Let’s be honest, the ‘AI imagines…’ trope is already becoming a bit tiresome. Honestly, who cares what football stadiums will look like in 50 years? Surely not that different.
But this is a good one, promise.
Today, only one survives – the Pyramids of Giza – but thanks to Midjourney, we can all get a glimpse of how these mind-bogglingly beautiful and often unfathomable creations may have looked at the time.
Of course, it has taken a lot of artistic licence – the pyramids were never in the middle of a bustling metropolis, even three thousand years ago, and it’s unlikely the Mausoleum at Halicarnassus was teeming with visitors.
Nevertheless, whether you’re a history buff or not, these seven images are a joy to behold – and a fine example of the fun we can have with AI before it puts us all out of a job and takes over the New World…
Pyramids of Giza
Built as tombs for Egypt’s pharaohs, the Pyramids of Giza are formed of the Great Pyramid, the Pyramid of Khafre, and the Pyramid of Menkaure.
Here the Great Pyramid can be seen surrounded by a pyramid complex, part of which exists today, and a bustling city. The real pyramid took almost 30 years to build, made from stones weighing up to 2.5 tonnes each – and 2.3 million were used to build it.
Colossus of Rhodes
This magnificent statue depicted the Greek sun god Helios, and stood in the harbour to the ancient Greek city of Rhodes. It was built to celebrate the city’s survival after a siege by Demetrius I of Macedon.
It took 12 years to build and was made of bronze and iron on a marble base.
Lighthouse of Alexandria
The world’s most famous lighthouse (although competition is a bit short), this famous structure soared 350 feet above Pharos island in the harbour of Alexandria on the Egyptian coast.
Built around 280 BCE, it was the creation of Sostratus of Cnidus, and a fire burned brightly from the top of its tower at night – it predating electricity by a couple of millennia.
However, it fell into ruins following a series of earthquakes between 956 and 1323 CE – but did survive a tsunami in 365 CE.
Statue of Zeus at Olympia
One of two masterpieces created by the Greek sculptor Phidias, this huge statue of the god Zeus greeted visitors to a temple honouring him in the ancient city of Olympia.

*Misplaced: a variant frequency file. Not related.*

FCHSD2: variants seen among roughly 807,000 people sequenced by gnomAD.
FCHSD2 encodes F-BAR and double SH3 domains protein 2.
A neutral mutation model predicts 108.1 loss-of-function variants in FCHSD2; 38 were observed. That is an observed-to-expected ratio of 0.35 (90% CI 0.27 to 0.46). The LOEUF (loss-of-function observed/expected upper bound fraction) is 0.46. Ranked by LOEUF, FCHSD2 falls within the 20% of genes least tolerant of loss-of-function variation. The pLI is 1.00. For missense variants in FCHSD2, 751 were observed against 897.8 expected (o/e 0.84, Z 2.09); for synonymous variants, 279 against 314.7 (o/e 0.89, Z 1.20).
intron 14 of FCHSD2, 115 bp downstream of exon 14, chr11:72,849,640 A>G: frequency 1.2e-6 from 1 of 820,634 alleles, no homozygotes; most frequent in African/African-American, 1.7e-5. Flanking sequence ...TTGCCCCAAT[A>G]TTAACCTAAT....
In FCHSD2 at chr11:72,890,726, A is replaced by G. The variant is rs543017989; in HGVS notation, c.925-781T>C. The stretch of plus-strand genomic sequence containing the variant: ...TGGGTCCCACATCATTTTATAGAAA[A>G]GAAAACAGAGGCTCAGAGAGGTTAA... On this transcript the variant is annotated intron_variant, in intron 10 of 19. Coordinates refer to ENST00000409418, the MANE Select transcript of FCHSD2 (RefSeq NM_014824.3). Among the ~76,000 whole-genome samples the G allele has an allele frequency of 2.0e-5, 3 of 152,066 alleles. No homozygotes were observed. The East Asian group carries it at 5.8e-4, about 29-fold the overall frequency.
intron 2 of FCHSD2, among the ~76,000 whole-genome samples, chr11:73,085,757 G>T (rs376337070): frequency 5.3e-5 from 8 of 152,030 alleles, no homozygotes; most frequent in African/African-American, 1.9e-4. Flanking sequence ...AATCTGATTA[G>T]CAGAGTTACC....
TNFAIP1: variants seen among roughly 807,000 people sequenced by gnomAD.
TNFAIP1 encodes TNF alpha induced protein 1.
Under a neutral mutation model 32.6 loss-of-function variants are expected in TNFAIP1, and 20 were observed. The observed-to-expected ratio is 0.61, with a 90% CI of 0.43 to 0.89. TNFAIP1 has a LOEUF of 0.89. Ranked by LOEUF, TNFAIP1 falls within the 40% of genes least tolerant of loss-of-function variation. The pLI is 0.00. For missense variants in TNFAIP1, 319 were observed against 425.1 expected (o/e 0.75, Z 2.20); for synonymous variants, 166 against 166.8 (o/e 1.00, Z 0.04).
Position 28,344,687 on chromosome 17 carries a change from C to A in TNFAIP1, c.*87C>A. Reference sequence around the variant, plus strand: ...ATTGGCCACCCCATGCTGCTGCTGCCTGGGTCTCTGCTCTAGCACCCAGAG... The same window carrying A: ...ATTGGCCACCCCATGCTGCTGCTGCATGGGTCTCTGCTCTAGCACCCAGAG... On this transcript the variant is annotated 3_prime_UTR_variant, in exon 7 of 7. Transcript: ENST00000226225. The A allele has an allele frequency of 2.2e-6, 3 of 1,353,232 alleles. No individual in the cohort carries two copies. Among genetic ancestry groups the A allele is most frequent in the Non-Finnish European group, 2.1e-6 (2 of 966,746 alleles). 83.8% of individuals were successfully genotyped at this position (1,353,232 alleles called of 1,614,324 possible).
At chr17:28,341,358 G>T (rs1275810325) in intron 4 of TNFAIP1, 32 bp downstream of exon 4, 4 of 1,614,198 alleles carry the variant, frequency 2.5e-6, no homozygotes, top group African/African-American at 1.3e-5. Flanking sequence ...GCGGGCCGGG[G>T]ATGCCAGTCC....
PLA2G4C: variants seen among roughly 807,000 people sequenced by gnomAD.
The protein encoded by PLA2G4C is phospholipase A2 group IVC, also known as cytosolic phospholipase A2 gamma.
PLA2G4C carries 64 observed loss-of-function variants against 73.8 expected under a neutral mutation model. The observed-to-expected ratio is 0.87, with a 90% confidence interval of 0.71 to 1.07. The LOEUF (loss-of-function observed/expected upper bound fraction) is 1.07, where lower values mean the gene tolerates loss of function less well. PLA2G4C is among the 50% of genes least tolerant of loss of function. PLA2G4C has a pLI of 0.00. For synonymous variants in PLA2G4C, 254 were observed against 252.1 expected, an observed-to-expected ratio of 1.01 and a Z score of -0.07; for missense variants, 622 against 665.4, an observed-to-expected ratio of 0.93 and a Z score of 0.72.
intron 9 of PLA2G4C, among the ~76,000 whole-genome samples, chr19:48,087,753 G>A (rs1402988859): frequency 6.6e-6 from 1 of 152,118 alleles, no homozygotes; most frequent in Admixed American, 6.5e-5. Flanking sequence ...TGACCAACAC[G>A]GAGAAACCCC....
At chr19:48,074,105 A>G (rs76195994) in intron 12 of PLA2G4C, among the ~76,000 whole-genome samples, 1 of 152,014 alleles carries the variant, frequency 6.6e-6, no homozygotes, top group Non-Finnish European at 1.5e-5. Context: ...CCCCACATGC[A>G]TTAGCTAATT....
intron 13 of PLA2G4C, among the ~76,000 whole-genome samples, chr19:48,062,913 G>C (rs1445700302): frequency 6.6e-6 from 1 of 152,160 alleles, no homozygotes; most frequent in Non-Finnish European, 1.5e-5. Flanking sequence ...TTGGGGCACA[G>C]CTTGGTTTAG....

The statute was almost 12 metres high and plated with gold and ivory. The original showed Zeus holding a statue of Nike in one hand and a sceptre in the other. Midjourney’s version has done away with both, and an oddly straight, pointy raised finger shows AI still sometimes has trouble with those digits.
Temple of Artemis at Ephesus
This ancient wonder was actually one of two, after the first Temple of Artemis at Ephesus was burned down in an arson attack in 356 BCE.
The original was built by Croesus, king of Lydia. The second iteration was not only huge, 110 metres long and 55 metres wide, but full of magnificent world of art.
Mausoleum at Halicarnassus
The tomb of Mausolus, ruler of Caria, was so impressive it actually gave rise to the term ‘mausoleum’.
Built in Halicarnassus between 353 and 351 BCE by his sister and widow (ew), Artemisia, it was surrounded by 36 columns and topped by a 24-step pyramid adorned with a four-horse marble chariot.
It is thought to have been destroyed by an earthquake between the 11th and 15th centuries CE, and the stones reused in local buildings.
Hanging Gardens of Babylon
Let’s face it, this is the one we all really want to go to, partly because we know so little about it. Where were the gardens? Were they one thing or a collection of rooftop gardens? Were they in the royal palace of Babylon, now in southern Iraq?
However, because of the uncertainty, it means we can let our imaginations go a little bit more wild – and Midjourney has done well here, creating an almost ethereal maze of arches, columns and greenery broken up by rushing waterfalls.
Those actually aren’t as unlikely as you might think, as the gardens are thought to have been watered by a complex irrigation system fed by the Euphrates River.